Analyst corner: Lower Mutual fund exposure to affect financial flexibity of NBFCs

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Published: July 3, 2019 3:04:50 AM

In light of liquidity challenges and concern in wholesale NBFCs, we remain cautious on the sector even as stable asset quality in most retail segments, detailed in RBI’s FSR, reinforces comfort on retail players.

Analyst corner, Mutual fund, financial flexibity, NBFC, liquidity challenges, marketThe ratio declined to 36% in May 2019 from 39% in September 2018.

Mutual Funds’ current exposure to NBFC/HFCs at 28% is broadly in line with the revised cap prescribed by Sebi. However, lower sectoral limit will affect medium-term financial flexibility of all NBFCs. MF/debt investors are anyway cautious, preferring retail NBFCs with strong parentage; most NBFCs have anyway increased bank borrowings. In light of liquidity challenges and concern in wholesale NBFCs, we remain cautious on the sector even as stable asset quality in most retail segments, detailed in RBI’s FSR, reinforces comfort on retail players.

Sebi has reduced sectoral limits for mutual funds’ investment in any single sector to 20% from 25% earlier. This will directly affect their investments in NBFCs. The regulator has also reduced the additional exposure limit on HFCs to 10% from 15% earlier. It has, however, provided for added 5% limit for securitised debt backed by retail housing loans and affordable housing loan portfolios. Currently, the total cap for MFs to non-banks is 40% which includes 25% to NBFCs and 15% to HFC. This will now stand reduced to 30% (20% to NBFCs and 10% to HFCs) with an additional 5% for retail/affordable housing securitised loans. The timeline for implementation of this regulation is not clear. Sebi has also mandated investments only in listed NCDs (which is mostly the case) and listed CPs. This norm will, however, be implemented in a phased manner.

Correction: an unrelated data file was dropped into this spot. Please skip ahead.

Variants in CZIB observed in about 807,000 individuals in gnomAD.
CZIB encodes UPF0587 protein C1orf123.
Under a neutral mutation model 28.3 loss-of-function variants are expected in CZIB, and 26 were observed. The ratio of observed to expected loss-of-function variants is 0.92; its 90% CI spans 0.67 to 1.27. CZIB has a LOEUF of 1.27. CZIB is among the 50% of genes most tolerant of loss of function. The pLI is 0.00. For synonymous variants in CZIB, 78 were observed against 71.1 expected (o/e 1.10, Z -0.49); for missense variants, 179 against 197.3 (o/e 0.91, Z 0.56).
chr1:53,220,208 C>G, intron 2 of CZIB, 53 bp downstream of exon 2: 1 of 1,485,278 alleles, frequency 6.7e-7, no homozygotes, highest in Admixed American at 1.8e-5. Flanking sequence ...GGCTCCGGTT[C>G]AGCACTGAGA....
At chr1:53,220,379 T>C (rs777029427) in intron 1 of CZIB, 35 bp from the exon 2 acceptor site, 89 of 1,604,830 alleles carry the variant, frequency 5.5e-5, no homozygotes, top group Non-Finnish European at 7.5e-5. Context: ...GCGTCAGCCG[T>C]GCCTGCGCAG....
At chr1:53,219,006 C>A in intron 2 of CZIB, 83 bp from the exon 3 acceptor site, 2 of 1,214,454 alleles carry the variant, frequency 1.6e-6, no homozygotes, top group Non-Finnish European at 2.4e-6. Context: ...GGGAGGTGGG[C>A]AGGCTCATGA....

The ratio declined to 36% in May 2019 from 39% in September 2018. Excluding PFC/REC, the ratio was 28% in May 2019, in line with the new effective cap of 30%. Within this, the exposure to NBFCs was 18% and HFCs was marginally higher than the new cap at 11%. While it may seem that these norms may not have an immediate impact, we believe these significantly reduce the financial flexibility of NBFCs. NBFCs make concerted efforts to diversify funding avenues from banks to MFs, insurance companies, foreign borrowings, retail bonds, etc, in order to optimise funding costs as well as reduce dependence on any single source. The new regulations will structure reduce the leeway for NBFCs especially in the backdrop of the recent Sebi regulation that prescribed large borrowers to raise 25% of incremental borrowings from bond markets from FY22.

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